Although Honduran president Azcona had began the process that eventually culminated in the resolution of the Nicaraguan conflict, another president would occupy the presidential palace as the Contras abandoned their camps in Honduras and marched south. The elections of November 26, 1989, were free of the makeshift electoral procedures that had rendered the 1985 balloting questionable. The PLH and PNH nominated one candidate each, rather than several. Carlos Flores Facusse, a Rodista and protégé of ex-president Suazo Córdova, won the PLH nomination and the right to oppose Rafael Leonardo Callejas, who had also carried the banner of the PNH when he lost in 1985. Callejas's convincing victory, by 50.2 to 44.5 percent, reflected public discontent with the PLH government's failure to translate increased foreign aid into improvements in the domestic economy. Callejas became the first opposition candidate to win an election in Honduras since 1932. All signs indicated that in the early 1990s, Honduras's democratic transition remained on course.

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No complete history of Honduras in English is available. Several volumes are available on the history of Central America, the best of which is Ralph Lee Woodward, Jr.'s Central America: A Nation Divided. Material on pre-Columbian Honduras can be found in John B. Glass's "Archaeological Survey of Western Honduras" in the Handbook of Middle American Indians, Vol. 4. The period of Spanish conquest is carefully detailed in Robert S. Chamberlin's The Conquest and Colonization of Honduras, 1502-1550. Valuable material for the colonial period can be found in Murdo MacLeod's Spanish Central America: A Socioeconomic History, 1520-1720 and in Miles L. Wortman's Government and Society in Central America, 1680-1840. Honduras at the time of independence is well covered in Louis Bumgartner's José Cecilo del Valle of Central America.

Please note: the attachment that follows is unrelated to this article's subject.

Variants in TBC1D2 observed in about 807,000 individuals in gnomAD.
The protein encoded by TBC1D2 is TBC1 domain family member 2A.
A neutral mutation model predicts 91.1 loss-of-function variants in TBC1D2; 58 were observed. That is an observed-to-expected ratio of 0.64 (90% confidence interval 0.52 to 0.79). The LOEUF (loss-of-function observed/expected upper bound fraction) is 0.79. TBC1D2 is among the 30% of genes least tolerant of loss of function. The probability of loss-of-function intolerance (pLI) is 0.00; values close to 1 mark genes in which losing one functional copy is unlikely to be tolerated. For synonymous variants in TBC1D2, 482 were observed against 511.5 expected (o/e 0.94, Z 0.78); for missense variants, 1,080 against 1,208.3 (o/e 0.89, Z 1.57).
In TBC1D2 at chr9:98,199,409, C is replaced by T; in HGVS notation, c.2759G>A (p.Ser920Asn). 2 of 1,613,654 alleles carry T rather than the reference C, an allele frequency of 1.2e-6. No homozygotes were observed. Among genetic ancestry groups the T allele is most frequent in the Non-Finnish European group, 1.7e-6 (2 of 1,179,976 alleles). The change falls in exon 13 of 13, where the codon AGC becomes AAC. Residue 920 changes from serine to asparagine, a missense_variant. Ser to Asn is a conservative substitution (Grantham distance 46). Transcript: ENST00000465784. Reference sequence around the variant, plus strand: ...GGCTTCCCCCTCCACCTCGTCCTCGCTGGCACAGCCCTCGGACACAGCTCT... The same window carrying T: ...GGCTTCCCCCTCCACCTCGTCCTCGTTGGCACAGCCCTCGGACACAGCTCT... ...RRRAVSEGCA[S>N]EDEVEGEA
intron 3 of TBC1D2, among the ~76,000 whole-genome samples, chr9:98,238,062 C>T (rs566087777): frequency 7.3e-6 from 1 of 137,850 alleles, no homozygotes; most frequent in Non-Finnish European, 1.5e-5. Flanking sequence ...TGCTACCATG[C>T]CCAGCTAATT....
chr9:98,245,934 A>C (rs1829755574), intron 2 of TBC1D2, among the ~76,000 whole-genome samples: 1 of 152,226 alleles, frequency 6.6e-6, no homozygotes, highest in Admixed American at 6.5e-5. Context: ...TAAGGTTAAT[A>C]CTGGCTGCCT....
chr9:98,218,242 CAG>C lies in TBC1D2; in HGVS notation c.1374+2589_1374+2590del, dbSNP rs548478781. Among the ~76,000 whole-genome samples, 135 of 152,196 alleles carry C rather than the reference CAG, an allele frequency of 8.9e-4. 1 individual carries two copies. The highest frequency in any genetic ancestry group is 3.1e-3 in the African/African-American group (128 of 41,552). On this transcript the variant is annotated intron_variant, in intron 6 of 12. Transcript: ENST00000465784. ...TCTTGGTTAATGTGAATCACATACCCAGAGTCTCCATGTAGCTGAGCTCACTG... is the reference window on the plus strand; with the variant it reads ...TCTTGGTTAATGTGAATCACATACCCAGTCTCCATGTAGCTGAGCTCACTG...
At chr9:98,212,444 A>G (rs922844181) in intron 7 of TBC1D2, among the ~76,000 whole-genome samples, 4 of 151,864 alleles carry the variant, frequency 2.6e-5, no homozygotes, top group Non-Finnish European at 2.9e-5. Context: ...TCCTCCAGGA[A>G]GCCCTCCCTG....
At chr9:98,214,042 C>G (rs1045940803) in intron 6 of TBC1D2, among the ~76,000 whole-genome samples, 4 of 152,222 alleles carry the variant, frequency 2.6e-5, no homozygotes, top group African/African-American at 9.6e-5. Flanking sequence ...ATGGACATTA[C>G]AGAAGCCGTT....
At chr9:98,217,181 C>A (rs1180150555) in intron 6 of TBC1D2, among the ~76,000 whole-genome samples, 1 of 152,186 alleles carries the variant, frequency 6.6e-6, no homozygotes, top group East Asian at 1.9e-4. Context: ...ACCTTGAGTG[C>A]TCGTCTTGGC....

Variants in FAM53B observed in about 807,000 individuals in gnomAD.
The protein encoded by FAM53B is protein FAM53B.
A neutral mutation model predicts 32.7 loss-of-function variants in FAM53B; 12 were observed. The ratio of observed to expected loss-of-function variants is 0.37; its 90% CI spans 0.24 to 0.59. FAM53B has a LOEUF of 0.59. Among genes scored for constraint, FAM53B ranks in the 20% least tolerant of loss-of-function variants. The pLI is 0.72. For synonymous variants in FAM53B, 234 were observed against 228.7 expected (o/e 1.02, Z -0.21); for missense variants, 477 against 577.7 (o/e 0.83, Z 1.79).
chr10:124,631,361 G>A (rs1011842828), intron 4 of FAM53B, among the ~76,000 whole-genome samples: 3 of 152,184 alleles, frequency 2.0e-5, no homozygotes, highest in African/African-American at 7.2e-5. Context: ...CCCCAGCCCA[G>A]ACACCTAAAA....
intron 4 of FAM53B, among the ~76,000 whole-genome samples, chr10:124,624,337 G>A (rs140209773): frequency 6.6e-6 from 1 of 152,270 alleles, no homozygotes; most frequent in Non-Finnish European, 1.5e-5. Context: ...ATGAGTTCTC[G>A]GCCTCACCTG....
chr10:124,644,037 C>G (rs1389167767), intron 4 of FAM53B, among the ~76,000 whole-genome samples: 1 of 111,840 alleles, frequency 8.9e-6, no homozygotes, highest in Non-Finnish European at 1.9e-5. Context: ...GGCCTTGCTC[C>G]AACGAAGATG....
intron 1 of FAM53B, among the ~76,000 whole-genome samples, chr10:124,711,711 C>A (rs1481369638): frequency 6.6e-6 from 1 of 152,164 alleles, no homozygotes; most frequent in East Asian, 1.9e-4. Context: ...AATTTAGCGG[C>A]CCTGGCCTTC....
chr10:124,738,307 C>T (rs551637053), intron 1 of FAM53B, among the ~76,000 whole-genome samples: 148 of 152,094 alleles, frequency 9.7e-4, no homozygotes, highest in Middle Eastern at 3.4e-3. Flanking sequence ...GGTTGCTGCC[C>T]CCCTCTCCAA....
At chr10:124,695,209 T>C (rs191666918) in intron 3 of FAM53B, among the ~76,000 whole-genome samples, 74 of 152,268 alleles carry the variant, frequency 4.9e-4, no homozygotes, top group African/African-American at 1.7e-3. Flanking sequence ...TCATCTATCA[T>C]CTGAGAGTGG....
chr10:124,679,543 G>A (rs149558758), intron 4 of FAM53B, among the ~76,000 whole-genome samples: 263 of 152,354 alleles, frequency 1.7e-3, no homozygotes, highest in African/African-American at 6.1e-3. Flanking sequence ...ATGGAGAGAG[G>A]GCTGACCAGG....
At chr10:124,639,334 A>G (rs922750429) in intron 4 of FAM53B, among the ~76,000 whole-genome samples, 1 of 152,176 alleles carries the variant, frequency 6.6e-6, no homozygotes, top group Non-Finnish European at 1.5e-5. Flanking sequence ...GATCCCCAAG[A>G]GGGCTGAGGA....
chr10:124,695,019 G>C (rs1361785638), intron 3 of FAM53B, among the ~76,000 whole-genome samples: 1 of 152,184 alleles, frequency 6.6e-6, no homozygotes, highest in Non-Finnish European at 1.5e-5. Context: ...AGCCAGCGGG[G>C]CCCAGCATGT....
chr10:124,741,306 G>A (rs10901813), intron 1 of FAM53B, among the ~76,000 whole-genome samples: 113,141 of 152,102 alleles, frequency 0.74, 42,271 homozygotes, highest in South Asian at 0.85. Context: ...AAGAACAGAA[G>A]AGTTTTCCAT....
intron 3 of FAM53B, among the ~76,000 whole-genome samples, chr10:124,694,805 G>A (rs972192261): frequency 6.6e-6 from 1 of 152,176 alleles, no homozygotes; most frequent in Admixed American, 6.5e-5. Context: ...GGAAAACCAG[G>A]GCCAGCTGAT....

Coverage of the nineteenth century is quite spotty. Mid-century conditions are surveyed in E. George Squier's Notes on Central America: Particularly the States of Honduras and El Salvador. There is considerable valuable material in Thomas L. Karnes's The Failure of Union: Central America, 1824-1960. There are also numerous studies of the rise of the American fruit companies in the late nineteenth and early twentieth centuries, many of them polemical. The best, by far, is Karnes's Tropical Enterprise: Standard Fruit and Steamship Company in Latin America.

The pattern of United States-Honduran relations in the first third of the twentieth century is included in two volumes by Dana G. Munro, Intervention and Dollar Diplomacy in the Caribbean, 1900-1921 and The United States and the Caribbean Republics, 1921-1933. The development of the Honduran political system, especially in the twentieth century, is covered in William S. Stokes's Honduras: An Area Study in Government. The rise of the military to political prominence is surveyed in Steve C. Ropp's "The Honduran Army in the Sociopolitical Evolution of the Honduran State." An excellent recent study is Robert MacCameron's Bananas, Labor, and Politics in Honduras, 1954-1963, which focuses on the 1954 banana workers' strike. The background to the 1969 conflict with El Salvador is covered in William H. Durham's Scarcity and Survival in Central America: Ecological Origins of tghe Soccer War; the causes, course, and results of the conflict are detailed in Thomas P. Anderson's The War of the Dispossessed: Honduras and El Salvador, 1969. Also useful is Mary Jeanne Reid Martz's The Central American Soccer War: Historical Patterns and Internal Dynamics of OAS Settlement Procedures. The immediate postwar period is described in James A. Morris's The Honduran Plan, Político de Unidad Nacional, 1971-1972: Its Origins and Demise. Morris also surveys the situation at the start of the 1980s in "Honduras: How Long an Oasis of Peace?" (For further information and complete citations, see Bibliography.)

Data as of December 1993